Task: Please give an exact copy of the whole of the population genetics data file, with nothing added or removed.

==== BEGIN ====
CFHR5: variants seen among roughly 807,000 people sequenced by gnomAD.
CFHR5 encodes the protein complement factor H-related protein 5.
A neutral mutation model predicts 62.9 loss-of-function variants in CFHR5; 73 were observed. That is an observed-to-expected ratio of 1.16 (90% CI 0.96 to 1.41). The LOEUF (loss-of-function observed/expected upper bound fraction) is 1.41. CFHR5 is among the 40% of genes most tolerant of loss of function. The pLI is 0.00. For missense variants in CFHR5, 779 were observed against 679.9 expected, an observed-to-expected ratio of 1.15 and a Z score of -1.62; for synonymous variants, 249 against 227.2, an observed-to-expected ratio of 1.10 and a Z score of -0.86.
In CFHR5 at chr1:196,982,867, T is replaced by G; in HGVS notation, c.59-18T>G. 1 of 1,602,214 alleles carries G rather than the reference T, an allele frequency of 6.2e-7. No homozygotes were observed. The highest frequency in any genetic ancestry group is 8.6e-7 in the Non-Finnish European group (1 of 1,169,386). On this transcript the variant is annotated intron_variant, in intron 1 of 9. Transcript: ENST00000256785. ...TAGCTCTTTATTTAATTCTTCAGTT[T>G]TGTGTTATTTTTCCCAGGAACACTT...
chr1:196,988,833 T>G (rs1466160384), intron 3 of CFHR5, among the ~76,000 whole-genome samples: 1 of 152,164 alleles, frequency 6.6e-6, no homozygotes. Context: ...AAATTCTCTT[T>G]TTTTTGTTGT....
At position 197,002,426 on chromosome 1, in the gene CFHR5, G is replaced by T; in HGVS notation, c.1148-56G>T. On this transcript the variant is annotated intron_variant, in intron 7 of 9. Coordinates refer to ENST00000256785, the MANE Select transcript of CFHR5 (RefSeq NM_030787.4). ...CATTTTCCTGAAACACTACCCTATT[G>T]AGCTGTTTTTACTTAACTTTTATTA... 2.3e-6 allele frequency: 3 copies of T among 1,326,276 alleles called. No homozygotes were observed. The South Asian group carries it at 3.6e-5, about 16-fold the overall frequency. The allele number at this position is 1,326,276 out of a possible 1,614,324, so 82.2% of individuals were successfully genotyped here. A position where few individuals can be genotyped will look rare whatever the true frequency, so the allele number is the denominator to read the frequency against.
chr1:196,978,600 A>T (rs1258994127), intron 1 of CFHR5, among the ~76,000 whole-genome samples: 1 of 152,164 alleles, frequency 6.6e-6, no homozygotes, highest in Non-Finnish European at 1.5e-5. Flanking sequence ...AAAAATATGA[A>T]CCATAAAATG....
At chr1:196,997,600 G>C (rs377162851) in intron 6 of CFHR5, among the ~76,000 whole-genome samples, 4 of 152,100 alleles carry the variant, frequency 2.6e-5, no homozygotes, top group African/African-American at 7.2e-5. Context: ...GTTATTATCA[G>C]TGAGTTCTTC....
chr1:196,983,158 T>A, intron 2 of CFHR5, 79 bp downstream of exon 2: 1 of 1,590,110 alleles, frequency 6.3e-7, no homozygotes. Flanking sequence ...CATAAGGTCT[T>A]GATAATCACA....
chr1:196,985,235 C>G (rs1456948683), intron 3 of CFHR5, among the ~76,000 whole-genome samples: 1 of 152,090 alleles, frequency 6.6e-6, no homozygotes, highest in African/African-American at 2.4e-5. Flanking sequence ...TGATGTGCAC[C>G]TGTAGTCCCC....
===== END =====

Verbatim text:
CFHR5: variants seen among roughly 807,000 people sequenced by gnomAD.
CFHR5 encodes the protein complement factor H-related protein 5.
A neutral mutation model predicts 62.9 loss-of-function variants in CFHR5; 73 were observed. That is an observed-to-expected ratio of 1.16 (90% CI 0.96 to 1.41). The LOEUF (loss-of-function observed/expected upper bound fraction) is 1.41. CFHR5 is among the 40% of genes most tolerant of loss of function. The pLI is 0.00. For missense variants in CFHR5, 779 were observed against 679.9 expected, an observed-to-expected ratio of 1.15 and a Z score of -1.62; for synonymous variants, 249 against 227.2, an observed-to-expected ratio of 1.10 and a Z score of -0.86.
In CFHR5 at chr1:196,982,867, T is replaced by G; in HGVS notation, c.59-18T>G. 1 of 1,602,214 alleles carries G rather than the reference T, an allele frequency of 6.2e-7. No homozygotes were observed. The highest frequency in any genetic ancestry group is 8.6e-7 in the Non-Finnish European group (1 of 1,169,386). On this transcript the variant is annotated intron_variant, in intron 1 of 9. Transcript: ENST00000256785. ...TAGCTCTTTATTTAATTCTTCAGTT[T>G]TGTGTTATTTTTCCCAGGAACACTT...
chr1:196,988,833 T>G (rs1466160384), intron 3 of CFHR5, among the ~76,000 whole-genome samples: 1 of 152,164 alleles, frequency 6.6e-6, no homozygotes. Context: ...AAATTCTCTT[T>G]TTTTTGTTGT....
At position 197,002,426 on chromosome 1, in the gene CFHR5, G is replaced by T; in HGVS notation, c.1148-56G>T. On this transcript the variant is annotated intron_variant, in intron 7 of 9. Coordinates refer to ENST00000256785, the MANE Select transcript of CFHR5 (RefSeq NM_030787.4). ...CATTTTCCTGAAACACTACCCTATT[G>T]AGCTGTTTTTACTTAACTTTTATTA... 2.3e-6 allele frequency: 3 copies of T among 1,326,276 alleles called. No homozygotes were observed. The South Asian group carries it at 3.6e-5, about 16-fold the overall frequency. The allele number at this position is 1,326,276 out of a possible 1,614,324, so 82.2% of individuals were successfully genotyped here. A position where few individuals can be genotyped will look rare whatever the true frequency, so the allele number is the denominator to read the frequency against.
chr1:196,978,600 A>T (rs1258994127), intron 1 of CFHR5, among the ~76,000 whole-genome samples: 1 of 152,164 alleles, frequency 6.6e-6, no homozygotes, highest in Non-Finnish European at 1.5e-5. Flanking sequence ...AAAAATATGA[A>T]CCATAAAATG....
At chr1:196,997,600 G>C (rs377162851) in intron 6 of CFHR5, among the ~76,000 whole-genome samples, 4 of 152,100 alleles carry the variant, frequency 2.6e-5, no homozygotes, top group African/African-American at 7.2e-5. Context: ...GTTATTATCA[G>C]TGAGTTCTTC....
chr1:196,983,158 T>A, intron 2 of CFHR5, 79 bp downstream of exon 2: 1 of 1,590,110 alleles, frequency 6.3e-7, no homozygotes. Flanking sequence ...CATAAGGTCT[T>A]GATAATCACA....
chr1:196,985,235 C>G (rs1456948683), intron 3 of CFHR5, among the ~76,000 whole-genome samples: 1 of 152,090 alleles, frequency 6.6e-6, no homozygotes, highest in African/African-American at 2.4e-5. Flanking sequence ...TGATGTGCAC[C>G]TGTAGTCCCC....